“The Sieve and the Sand”
Simply put, the sand is a symbol of the tangible truth Montag seeks, and the sieve the human mind seeking a truth that remains elusive and, the metaphor suggests, impossible to grasp in any permanent way.
Likewise, what are the three things missing in society according to Faber?
In the book Fahrenheit 451, Faber says there are 3 elements missing from a world without books. The three elements are quality information, the leisure to digest it, and the freedom to act on what they’ve learned.
In this way, what does the phoenix symbolize in Fahrenheit 451?
The phoenix is a symbol for renewal, for life that follows death in a cleansing fire. After the city is reduced to ashes by bombers in Fahrenheit 451, Granger makes a direct comparison between human beings and the story of the phoenix. Both destroy themselves in fire. Both start again amid the ashes.
What happens to sand in a sieve?
The sand will always fall through the holes of the sieve, no matter how quickly it is filled.
Some metaphors in the book Fahrenheit 451 include comparing society to a “cave” (34), comparing the pages of a burning book to butterflies, and comparing a cold expression to a “mask of ice” (17).
What is ironic about Beatty saying “the sheep returns to the fold”? “The Sheep returns to the fold” means that Montag would eventually come back to the side of the firemen. This quote is ironic, because Beatty knows that Montag is no longer on the side of the firemen.
The title of Part 2, “The Sand and the Sieve” is also symbolic. The sand represents the truth Montag, the main character, is seeking and the sieve is the human mind which sometimes makes it impossible to grasp the truth and remember it. … Salamander is also the name of Montag’s firetruck. The symbols are ironic.
The flashback reveals to the reader that Montag just happens to know a teacher whom he never thought he would contact; but now is the perfect time to find the number he gave him last year. … Montag’s biggest question is whether or not books have something that he is missing in his life.
Fire. Fire serves as one of the most visible symbols in the text. The title of the novel itself, Fahrenheit 451, is itself a reference to fire, as it is the temperature at which paper will burn on its own. Bradbury uses fire to symbolize destruction, rebirth, as well as knowledge.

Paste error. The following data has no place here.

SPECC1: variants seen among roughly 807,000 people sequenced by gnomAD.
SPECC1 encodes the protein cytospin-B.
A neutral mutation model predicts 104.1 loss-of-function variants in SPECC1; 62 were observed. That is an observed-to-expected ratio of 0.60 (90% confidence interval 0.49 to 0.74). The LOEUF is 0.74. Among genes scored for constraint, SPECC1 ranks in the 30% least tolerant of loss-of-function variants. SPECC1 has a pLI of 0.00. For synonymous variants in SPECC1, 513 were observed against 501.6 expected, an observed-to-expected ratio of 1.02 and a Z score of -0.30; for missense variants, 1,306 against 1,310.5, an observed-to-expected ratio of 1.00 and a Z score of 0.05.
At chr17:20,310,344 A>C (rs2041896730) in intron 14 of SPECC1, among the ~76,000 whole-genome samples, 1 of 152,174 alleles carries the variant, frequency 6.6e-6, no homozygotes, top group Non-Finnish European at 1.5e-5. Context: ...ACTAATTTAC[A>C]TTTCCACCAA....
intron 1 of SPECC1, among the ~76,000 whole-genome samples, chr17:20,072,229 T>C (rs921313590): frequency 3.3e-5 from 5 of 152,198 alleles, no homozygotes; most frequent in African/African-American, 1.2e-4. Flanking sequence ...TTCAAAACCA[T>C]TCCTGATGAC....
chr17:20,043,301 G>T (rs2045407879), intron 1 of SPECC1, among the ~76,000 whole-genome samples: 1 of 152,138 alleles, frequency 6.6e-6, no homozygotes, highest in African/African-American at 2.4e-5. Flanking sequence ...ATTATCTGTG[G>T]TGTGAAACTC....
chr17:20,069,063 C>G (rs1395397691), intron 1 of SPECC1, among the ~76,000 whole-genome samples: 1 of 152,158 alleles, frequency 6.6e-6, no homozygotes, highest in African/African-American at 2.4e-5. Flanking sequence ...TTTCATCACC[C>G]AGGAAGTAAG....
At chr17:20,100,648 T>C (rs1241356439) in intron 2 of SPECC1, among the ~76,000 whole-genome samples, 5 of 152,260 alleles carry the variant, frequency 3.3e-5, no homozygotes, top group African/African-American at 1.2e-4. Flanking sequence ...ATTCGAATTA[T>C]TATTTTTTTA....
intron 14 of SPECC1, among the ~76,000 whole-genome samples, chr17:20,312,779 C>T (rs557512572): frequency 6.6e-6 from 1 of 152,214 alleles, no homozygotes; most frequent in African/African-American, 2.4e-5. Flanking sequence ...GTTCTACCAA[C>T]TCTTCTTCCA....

Montag: People have too much fun, they’ve “forgotten the world”. … How does the sieve and the sand analogy apply to Montag? He is trying to remember the things he reads, just like, as a child, he was trying to fill the sieve with sand; society taught people to live for the moment, not to remember.
As a child, Montag could see that no matter how hard he tried, no matter how fast he worked, the sieve wouldn’t fill with sand, and yet he kept trying. Montag’s childhood memory symbolizes his present situation: Despite his efforts, Montag feels that same frustration when trying to understand the truths of life.
He is memorizing random phrases on the subway, hoping to retain some as “some of the sand will stay in the sieve.” He latches onto “consider the lilies” from Matthew 6:28, part of the Sermon on the Mount, and repeats the fragment, to drown out Denham’s Dentifrice.
Montag remembers the memory of trying to fill a sieve with sand because it was a hopeless task, just as memorizing the books seems to be. A sieve is a bowl with tiny holes. It is used to sort larger sediment from smaller, less valuable pieces. Montag has become disenchanted with his society.
It is a symbol for the future of the resistance or the book people that Montag joins at the end of the story. … And, as the Phoenix rises out of the ashes, symbolically representing a new life, cleansed of the past, to live once more, so too is the hope of the rebels who have secretly memorized books to keep them alive.